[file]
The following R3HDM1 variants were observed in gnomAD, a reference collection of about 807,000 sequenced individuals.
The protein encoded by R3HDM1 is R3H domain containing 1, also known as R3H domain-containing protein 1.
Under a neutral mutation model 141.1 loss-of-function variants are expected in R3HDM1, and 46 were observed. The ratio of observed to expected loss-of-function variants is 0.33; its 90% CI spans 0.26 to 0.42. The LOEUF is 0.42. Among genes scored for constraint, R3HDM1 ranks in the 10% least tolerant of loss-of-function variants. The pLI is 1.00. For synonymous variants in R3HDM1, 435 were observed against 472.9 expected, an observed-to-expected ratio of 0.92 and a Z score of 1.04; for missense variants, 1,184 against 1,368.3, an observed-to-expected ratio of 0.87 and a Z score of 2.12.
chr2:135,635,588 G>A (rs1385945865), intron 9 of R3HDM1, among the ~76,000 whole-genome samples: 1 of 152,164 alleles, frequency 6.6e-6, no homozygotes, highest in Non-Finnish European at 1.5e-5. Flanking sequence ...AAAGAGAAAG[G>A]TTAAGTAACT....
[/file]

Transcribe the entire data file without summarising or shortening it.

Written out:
The following R3HDM1 variants were observed in gnomAD, a reference collection of about 807,000 sequenced individuals.
The protein encoded by R3HDM1 is R3H domain containing 1, also known as R3H domain-containing protein 1.
Under a neutral mutation model 141.1 loss-of-function variants are expected in R3HDM1, and 46 were observed. The ratio of observed to expected loss-of-function variants is 0.33; its 90% CI spans 0.26 to 0.42. The LOEUF is 0.42. Among genes scored for constraint, R3HDM1 ranks in the 10% least tolerant of loss-of-function variants. The pLI is 1.00. For synonymous variants in R3HDM1, 435 were observed against 472.9 expected, an observed-to-expected ratio of 0.92 and a Z score of 1.04; for missense variants, 1,184 against 1,368.3, an observed-to-expected ratio of 0.87 and a Z score of 2.12.
chr2:135,635,588 G>A (rs1385945865), intron 9 of R3HDM1, among the ~76,000 whole-genome samples: 1 of 152,164 alleles, frequency 6.6e-6, no homozygotes, highest in Non-Finnish European at 1.5e-5. Flanking sequence ...AAAGAGAAAG[G>A]TTAAGTAACT....